By purchasing the offsets in future years, when carbon caps are likely to be in place, AEP thinks the Environmental Protection Agency will be more likely to approve them. And by inking a deal now, the utility seeks to lock in lower prices.
"We're firmly of the mind there will be some kind of global-warming program in the not-too-distant future," says AEP Chief Executive Michael Morris. "To that end, we're trying to build a bank of credit."
Morris would not say what AEP will pay for the offsets. But Environmental Credit executive Derek Six says it's more than today's $5 price of an agricultural offset but less than the roughly $20 tab projected in the next decade under a federal program. Environmental Credit is spending $25 million to buy equipment for the AEP project and will share offset revenue with farmers.
Lofty environmental goals
Others are eyeing bigger carbon bounties. Blue Source plans to capture the carbon dioxide spewed by a Kansas fertilizer plant and sell it to petroleum fields to boost oil output. It's spending about $70 million on equipment to corral the carbon as well as on pipelines to send the gas about 100 miles to the oil fields. Blue Source already has five similar setups in the USA.
It will snare about 650,000 tons of carbon a year from the Kansas plant, the equivalent of removing 113,000 cars from the road. At today's offset prices, Blue Source will recover its investment in about five years. But projected prices in the next decade under a federal cap would halve the payback period, says CEO Bill Townsend. More than half of the offsets Blue Source sells go for a premium because they're for post-2010 projects that emitters hope will meet federal caps, up from 10% six months ago, he says.
"It wasn't a bad business before, but it's not the business (a federal cap) will bring us," Townsend says.
Some start-ups are grounding their businesses in Mother Earth. Equator Environmental plans to restore forests, at a cost of about $1,000 an acre. Deforestation accounts for about 20% of the world's global warming gases.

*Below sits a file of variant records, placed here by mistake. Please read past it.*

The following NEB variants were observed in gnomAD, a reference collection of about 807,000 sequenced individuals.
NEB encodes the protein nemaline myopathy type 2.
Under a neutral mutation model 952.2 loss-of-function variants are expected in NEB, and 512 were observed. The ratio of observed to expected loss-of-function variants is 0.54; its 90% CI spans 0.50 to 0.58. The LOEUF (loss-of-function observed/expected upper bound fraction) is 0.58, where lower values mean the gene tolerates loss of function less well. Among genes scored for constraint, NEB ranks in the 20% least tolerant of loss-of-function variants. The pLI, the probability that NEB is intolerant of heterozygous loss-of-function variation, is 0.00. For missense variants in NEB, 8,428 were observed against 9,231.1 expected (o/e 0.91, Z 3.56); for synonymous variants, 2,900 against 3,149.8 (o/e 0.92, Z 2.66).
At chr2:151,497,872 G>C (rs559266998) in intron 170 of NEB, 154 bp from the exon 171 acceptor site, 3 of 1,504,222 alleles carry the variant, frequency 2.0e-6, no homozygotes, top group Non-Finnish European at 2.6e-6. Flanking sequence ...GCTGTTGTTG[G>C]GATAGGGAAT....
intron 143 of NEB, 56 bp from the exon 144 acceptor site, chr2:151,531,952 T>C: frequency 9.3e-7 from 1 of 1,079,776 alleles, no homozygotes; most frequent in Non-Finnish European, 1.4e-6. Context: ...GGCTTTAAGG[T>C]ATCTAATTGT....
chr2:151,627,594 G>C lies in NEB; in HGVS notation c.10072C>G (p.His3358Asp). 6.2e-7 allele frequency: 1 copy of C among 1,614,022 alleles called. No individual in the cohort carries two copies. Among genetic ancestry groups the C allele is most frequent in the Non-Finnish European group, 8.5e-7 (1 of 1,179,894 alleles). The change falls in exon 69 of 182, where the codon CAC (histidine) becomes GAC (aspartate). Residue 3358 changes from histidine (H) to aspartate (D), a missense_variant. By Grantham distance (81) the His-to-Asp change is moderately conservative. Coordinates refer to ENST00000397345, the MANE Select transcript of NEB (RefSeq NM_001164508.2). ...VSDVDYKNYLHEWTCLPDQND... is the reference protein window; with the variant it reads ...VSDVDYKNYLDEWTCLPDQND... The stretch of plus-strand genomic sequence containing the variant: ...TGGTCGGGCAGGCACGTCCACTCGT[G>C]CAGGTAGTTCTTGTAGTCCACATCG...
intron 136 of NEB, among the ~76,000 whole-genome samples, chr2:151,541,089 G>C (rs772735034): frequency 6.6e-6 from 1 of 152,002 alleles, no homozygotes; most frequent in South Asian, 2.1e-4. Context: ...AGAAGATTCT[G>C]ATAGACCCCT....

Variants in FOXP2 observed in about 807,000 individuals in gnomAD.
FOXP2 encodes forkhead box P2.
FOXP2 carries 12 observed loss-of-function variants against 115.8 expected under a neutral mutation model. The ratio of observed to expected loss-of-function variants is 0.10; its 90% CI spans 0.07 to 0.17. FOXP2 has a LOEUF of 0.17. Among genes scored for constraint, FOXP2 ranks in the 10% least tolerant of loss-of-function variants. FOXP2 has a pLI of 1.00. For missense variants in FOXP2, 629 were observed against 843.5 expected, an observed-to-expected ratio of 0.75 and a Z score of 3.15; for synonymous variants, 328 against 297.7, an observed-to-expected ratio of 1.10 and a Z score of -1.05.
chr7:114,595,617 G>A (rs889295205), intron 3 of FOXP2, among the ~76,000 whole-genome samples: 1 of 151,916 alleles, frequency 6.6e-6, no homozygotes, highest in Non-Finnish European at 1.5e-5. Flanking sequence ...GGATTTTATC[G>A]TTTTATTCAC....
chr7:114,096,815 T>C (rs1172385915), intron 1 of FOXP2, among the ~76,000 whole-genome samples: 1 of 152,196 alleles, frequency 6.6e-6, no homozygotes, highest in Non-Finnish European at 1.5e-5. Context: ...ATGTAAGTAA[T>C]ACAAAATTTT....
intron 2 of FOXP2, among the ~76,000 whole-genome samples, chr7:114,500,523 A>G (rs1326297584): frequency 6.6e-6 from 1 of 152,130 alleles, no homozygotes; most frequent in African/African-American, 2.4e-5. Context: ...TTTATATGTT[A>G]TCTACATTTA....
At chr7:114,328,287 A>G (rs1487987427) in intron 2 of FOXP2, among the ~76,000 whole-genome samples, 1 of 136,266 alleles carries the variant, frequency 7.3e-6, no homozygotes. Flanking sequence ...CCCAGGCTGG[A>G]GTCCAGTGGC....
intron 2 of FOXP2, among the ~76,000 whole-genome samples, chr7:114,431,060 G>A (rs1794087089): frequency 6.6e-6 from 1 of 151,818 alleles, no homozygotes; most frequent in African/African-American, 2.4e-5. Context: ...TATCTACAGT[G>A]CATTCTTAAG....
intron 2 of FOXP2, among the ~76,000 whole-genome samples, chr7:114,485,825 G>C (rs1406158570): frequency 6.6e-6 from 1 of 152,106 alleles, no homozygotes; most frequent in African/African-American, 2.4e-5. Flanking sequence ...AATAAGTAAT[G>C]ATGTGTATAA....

With an acre of trees swallowing just 2 to 8 tons of CO2 each year and offset prices under $10, the business is barely profitable until a cap brings higher prices, says CEO Jeff Bortniker. Meantime, Equator plans to harvest trees for extra revenue, planting new ones to keep the forest population in balance.
Still others are tinkering with technologies they say could offer breakthroughs under a federal system that pays top dollar for carbon reductions. The carbon-absorbing machine being tested in Tucson was funded by Gary Comer, the founder of Lands' End shld who was moved to combat climate change in 2001, when he was able to sail the Arctic Ocean without the aid of an icebreaker. Comer died in 2006.
If deployed in large numbers, the carbon-filtering machines could slash new emissions and vacuum decades-old gases out of the air, says Allen Wright, president of Global Research Technologies.
Wright envisions machines the size of 40-foot-long shipping containers that could be trucked to vast isolated stretches where carbon would be buried when technology to do so is available.
With each device able to remove a ton of carbon a day, about 30 million units could scoop up 10 billion tons a year, or about a third of the world's emissions, he says. Costs to capture carbon initially would be about $250 a ton, far more than the projected $100 per ton price of U.S. allowances in 2050. But Columbia University geophysicist Klaus Lackner, who teamed with Wright to invent the machine, says mass production could drive prices to $30 a ton.
There are skeptics. Electrodialysis, which separates the carbon from the panels, uses so much electricity that it produces nearly as much carbon as it removes. Capturing and storing CO2 from the biggest single source — coal plants — as researchers are working to do, would be far more efficient, says Gary Rochelle, professor of chemical engineering at the University of Texas. "These kinds of projects are a terrible distraction," he says.
Lackner says the CO2 separation instead could be driven by an electricity-free thermal process.
Another carbon-buster with big ideas is turning toward the open seas. Climos wants to dump up to 1,000 tons of pulverized iron over a patch of ocean as large as 15,000 square miles in a bid to germinate plankton. Iron ore has been shown to promote the growth of the microscopic ocean algae, which inhale as much CO2 in six months as a forest consumes in decades.
Yet critics, such as Rutgers University biophysics professor Paul Falkowski, say the plankton also releases some carbon as it decomposes before it sinks to the ocean bed. As it decays, it produces nitrous oxide, which is far more damaging to the atmosphere than carbon, Falkowski says.
Climos CEO Dan Whaley, co-founder of travel site GetThere.com, agrees such risks must be studied but says early research suggests the carbon absorbed exceeds toxic emissions enough to make the project viable. If such seedings are repeated annually for 25 years, they could suck in 1 billion tons of CO2, he says.
With each seeding costing several million dollars, Whaley says a large-scale program would be feasible only under government regimes in the USA or Europe that provide for high offset prices. Yet neither the European system nor proposals in Congress permit ocean-based offset projects. Whaley believes such constraints could be lifted after demonstration projects prove the technology.
"If it works, then it's a large solution," Whaley says. "We need all the horsepower we can get because the problem is way bigger than we imagined."